Peter suffered from generalized panic attacks. The first occurred when he was 22; by the age of 28 he had found a mental strategy to control them. Now in his fifties, they had shown up again. In a first session, we tried to identify life events which could have caused these panic reactions, but every time something seemed to come to the surface, he went blank. A careful interview, a timeline, and flash questions; no technique reached the deeper layers from which the panic attacks were being triggered. The timeline gave at least some information: It became clear that the fear had been there for his entire life. I asked Peter if the concept of past life trauma made any sense to him. He had already wondered if something had happened to him in a past life. However, it was clear that there was no way to access traumatic memories directly. The original traumatic event at the root of the panic attacks must have been so horrible that Peter couldn't even think of it, so I changed my strategy to a more general perspective.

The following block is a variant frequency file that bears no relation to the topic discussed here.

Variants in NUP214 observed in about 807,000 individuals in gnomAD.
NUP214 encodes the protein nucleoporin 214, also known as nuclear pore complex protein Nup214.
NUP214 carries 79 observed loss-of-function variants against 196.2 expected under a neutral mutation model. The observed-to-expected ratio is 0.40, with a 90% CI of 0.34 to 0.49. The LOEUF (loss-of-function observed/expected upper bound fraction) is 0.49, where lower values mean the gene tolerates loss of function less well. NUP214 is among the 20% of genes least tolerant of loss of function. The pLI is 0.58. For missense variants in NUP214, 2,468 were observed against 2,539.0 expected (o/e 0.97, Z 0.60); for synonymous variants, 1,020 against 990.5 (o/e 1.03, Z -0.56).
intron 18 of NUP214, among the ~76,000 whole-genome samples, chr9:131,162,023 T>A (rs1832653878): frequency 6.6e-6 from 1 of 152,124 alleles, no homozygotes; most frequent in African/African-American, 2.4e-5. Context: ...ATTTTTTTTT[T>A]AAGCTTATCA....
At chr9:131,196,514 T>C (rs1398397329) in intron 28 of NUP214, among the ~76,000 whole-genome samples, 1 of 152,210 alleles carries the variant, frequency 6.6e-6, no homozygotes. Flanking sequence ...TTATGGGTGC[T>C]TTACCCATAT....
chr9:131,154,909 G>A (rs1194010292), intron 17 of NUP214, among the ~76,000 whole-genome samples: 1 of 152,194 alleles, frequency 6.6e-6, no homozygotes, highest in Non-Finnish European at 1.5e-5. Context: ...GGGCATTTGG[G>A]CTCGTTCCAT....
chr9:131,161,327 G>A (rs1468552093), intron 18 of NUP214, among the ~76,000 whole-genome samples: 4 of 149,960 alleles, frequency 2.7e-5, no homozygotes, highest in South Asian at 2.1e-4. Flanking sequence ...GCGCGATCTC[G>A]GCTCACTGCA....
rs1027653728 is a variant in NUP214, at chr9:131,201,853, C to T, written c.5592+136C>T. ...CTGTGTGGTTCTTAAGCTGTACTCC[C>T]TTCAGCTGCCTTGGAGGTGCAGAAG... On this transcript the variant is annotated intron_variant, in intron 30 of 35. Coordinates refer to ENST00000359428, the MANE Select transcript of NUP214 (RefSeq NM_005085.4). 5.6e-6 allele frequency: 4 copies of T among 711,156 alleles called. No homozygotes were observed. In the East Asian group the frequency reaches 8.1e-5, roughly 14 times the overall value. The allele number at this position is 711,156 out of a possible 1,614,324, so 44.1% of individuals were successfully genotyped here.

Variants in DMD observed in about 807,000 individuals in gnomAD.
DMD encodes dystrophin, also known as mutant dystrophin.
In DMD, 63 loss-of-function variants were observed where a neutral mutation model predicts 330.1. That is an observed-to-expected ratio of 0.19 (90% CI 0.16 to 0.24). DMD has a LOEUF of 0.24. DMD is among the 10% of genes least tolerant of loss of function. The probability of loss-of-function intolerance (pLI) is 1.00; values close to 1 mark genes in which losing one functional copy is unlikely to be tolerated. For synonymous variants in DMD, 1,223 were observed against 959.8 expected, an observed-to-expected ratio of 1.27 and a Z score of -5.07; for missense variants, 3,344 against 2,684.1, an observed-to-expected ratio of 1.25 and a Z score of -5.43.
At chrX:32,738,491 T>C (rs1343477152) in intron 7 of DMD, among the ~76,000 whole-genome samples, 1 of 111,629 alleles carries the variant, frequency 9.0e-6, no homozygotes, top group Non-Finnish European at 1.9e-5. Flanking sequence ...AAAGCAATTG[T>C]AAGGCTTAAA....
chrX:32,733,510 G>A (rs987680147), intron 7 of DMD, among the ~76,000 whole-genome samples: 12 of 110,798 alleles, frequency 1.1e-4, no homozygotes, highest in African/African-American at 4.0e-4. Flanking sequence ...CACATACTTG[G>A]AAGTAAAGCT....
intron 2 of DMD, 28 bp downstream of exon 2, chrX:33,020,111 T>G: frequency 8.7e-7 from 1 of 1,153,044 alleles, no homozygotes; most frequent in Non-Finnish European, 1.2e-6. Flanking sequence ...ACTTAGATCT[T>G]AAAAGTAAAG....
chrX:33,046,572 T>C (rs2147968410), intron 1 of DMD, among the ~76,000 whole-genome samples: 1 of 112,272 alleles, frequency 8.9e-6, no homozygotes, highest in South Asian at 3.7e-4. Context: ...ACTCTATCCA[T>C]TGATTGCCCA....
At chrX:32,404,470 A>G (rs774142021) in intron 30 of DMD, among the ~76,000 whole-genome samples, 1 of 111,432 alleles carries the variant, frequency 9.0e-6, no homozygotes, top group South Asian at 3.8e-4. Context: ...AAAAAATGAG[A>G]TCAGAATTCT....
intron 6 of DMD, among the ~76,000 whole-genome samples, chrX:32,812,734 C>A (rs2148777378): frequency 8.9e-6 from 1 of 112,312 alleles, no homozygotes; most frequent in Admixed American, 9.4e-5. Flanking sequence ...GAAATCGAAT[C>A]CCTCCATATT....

Bad things happen in the world, and if you read the newspapers, you're informed of them. I asked him if he read newspapers and what was the worst he could remember reading. He didn't need much time to answer: executions, people being killed on purpose by other people. I switched to an "If, what" type of question: If an execution led to the panic attacks, what could have happened? Peter felt that that had been the case. I got a flash that the panic attacks were triggered by observing an execution, not by having been executed. When I told him this Peter could identify with this idea. In the following session he was able to access the medieval world of a sixteen-year old girl, witnessing the execution of her father in a riot. In the key image, an axe split the head of the man. I gave Peter the Logosynthesis sentences for this image, and after the third sentence Peter felt himself moving away from the scene, while the girl waved at him and smiled.
After this cycle, Peter felt quiet and happy. As a future pace exercise, I asked him to leave the room, go outside and explore what was different after this session. He went out and returned after five minutes. The fear was gone. There was no reference to it in his experience outside. Peter later shared that during the trip home he experience a state of "just being", which continued until the following day. His body kept trembling, adapting to the new condition. He was still extremely impressed by the impact of the session. Memory? Fantasy? Metaphor? In the practice of Logosynthesis, it doesn't matter: Just one more energy construct to dissolve.